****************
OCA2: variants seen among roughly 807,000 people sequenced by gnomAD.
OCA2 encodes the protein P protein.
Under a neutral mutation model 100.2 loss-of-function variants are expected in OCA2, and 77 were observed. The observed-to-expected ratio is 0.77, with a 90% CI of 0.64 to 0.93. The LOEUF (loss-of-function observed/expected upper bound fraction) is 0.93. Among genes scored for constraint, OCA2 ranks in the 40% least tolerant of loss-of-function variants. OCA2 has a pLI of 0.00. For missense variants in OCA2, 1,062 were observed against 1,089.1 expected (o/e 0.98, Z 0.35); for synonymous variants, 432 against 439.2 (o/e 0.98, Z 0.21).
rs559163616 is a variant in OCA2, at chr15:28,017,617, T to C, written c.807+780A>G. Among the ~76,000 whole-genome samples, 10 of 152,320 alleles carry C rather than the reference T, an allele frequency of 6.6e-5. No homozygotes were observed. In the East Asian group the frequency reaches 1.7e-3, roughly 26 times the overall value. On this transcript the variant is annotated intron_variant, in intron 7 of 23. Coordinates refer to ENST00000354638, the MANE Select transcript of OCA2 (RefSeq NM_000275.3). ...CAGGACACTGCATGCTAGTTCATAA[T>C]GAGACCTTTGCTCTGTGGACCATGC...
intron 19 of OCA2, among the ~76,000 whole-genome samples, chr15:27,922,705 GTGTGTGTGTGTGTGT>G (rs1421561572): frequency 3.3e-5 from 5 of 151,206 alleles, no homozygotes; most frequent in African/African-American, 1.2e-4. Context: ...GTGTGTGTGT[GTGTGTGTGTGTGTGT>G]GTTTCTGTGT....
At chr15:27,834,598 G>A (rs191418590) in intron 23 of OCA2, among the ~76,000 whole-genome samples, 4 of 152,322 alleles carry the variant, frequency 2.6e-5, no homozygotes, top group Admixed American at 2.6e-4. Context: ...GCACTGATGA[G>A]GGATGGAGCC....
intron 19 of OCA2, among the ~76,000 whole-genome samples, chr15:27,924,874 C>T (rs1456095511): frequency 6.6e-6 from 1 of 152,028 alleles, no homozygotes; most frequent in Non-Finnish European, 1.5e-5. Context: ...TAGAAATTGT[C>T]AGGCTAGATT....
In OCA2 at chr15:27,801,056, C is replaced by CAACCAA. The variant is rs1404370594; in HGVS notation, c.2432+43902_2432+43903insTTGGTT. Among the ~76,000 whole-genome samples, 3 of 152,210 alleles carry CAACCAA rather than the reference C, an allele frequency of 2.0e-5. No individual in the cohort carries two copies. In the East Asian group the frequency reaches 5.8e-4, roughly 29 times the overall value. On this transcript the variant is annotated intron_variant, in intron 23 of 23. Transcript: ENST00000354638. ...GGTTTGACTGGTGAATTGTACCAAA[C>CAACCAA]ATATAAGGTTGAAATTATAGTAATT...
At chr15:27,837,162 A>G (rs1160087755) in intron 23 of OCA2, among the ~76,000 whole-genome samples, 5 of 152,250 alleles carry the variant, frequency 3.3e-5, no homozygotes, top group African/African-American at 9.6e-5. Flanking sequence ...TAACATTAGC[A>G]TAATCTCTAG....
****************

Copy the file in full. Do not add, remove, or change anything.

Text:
OCA2: variants seen among roughly 807,000 people sequenced by gnomAD.
OCA2 encodes the protein P protein.
Under a neutral mutation model 100.2 loss-of-function variants are expected in OCA2, and 77 were observed. The observed-to-expected ratio is 0.77, with a 90% CI of 0.64 to 0.93. The LOEUF (loss-of-function observed/expected upper bound fraction) is 0.93. Among genes scored for constraint, OCA2 ranks in the 40% least tolerant of loss-of-function variants. OCA2 has a pLI of 0.00. For missense variants in OCA2, 1,062 were observed against 1,089.1 expected (o/e 0.98, Z 0.35); for synonymous variants, 432 against 439.2 (o/e 0.98, Z 0.21).
rs559163616 is a variant in OCA2, at chr15:28,017,617, T to C, written c.807+780A>G. Among the ~76,000 whole-genome samples, 10 of 152,320 alleles carry C rather than the reference T, an allele frequency of 6.6e-5. No homozygotes were observed. In the East Asian group the frequency reaches 1.7e-3, roughly 26 times the overall value. On this transcript the variant is annotated intron_variant, in intron 7 of 23. Coordinates refer to ENST00000354638, the MANE Select transcript of OCA2 (RefSeq NM_000275.3). ...CAGGACACTGCATGCTAGTTCATAA[T>C]GAGACCTTTGCTCTGTGGACCATGC...
intron 19 of OCA2, among the ~76,000 whole-genome samples, chr15:27,922,705 GTGTGTGTGTGTGTGT>G (rs1421561572): frequency 3.3e-5 from 5 of 151,206 alleles, no homozygotes; most frequent in African/African-American, 1.2e-4. Context: ...GTGTGTGTGT[GTGTGTGTGTGTGTGT>G]GTTTCTGTGT....
At chr15:27,834,598 G>A (rs191418590) in intron 23 of OCA2, among the ~76,000 whole-genome samples, 4 of 152,322 alleles carry the variant, frequency 2.6e-5, no homozygotes, top group Admixed American at 2.6e-4. Context: ...GCACTGATGA[G>A]GGATGGAGCC....
intron 19 of OCA2, among the ~76,000 whole-genome samples, chr15:27,924,874 C>T (rs1456095511): frequency 6.6e-6 from 1 of 152,028 alleles, no homozygotes; most frequent in Non-Finnish European, 1.5e-5. Context: ...TAGAAATTGT[C>T]AGGCTAGATT....
In OCA2 at chr15:27,801,056, C is replaced by CAACCAA. The variant is rs1404370594; in HGVS notation, c.2432+43902_2432+43903insTTGGTT. Among the ~76,000 whole-genome samples, 3 of 152,210 alleles carry CAACCAA rather than the reference C, an allele frequency of 2.0e-5. No individual in the cohort carries two copies. In the East Asian group the frequency reaches 5.8e-4, roughly 29 times the overall value. On this transcript the variant is annotated intron_variant, in intron 23 of 23. Transcript: ENST00000354638. ...GGTTTGACTGGTGAATTGTACCAAA[C>CAACCAA]ATATAAGGTTGAAATTATAGTAATT...
At chr15:27,837,162 A>G (rs1160087755) in intron 23 of OCA2, among the ~76,000 whole-genome samples, 5 of 152,250 alleles carry the variant, frequency 3.3e-5, no homozygotes, top group African/African-American at 9.6e-5. Flanking sequence ...TAACATTAGC[A>G]TAATCTCTAG....